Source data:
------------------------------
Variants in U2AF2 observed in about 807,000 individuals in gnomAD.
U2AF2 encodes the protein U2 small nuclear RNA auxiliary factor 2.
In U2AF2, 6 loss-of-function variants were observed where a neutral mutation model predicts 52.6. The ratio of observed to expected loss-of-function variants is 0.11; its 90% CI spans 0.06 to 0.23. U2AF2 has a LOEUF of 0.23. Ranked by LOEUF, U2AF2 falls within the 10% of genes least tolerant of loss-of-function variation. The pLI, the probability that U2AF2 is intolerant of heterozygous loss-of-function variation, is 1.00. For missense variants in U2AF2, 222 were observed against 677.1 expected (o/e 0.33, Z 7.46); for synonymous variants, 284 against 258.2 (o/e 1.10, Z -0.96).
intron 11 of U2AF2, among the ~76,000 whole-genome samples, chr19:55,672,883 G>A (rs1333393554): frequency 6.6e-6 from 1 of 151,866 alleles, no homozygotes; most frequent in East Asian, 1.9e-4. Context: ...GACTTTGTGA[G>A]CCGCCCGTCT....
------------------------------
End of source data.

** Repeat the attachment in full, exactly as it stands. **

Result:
Variants in U2AF2 observed in about 807,000 individuals in gnomAD.
U2AF2 encodes the protein U2 small nuclear RNA auxiliary factor 2.
In U2AF2, 6 loss-of-function variants were observed where a neutral mutation model predicts 52.6. The ratio of observed to expected loss-of-function variants is 0.11; its 90% CI spans 0.06 to 0.23. U2AF2 has a LOEUF of 0.23. Ranked by LOEUF, U2AF2 falls within the 10% of genes least tolerant of loss-of-function variation. The pLI, the probability that U2AF2 is intolerant of heterozygous loss-of-function variation, is 1.00. For missense variants in U2AF2, 222 were observed against 677.1 expected (o/e 0.33, Z 7.46); for synonymous variants, 284 against 258.2 (o/e 1.10, Z -0.96).
intron 11 of U2AF2, among the ~76,000 whole-genome samples, chr19:55,672,883 G>A (rs1333393554): frequency 6.6e-6 from 1 of 151,866 alleles, no homozygotes; most frequent in East Asian, 1.9e-4. Context: ...GACTTTGTGA[G>A]CCGCCCGTCT....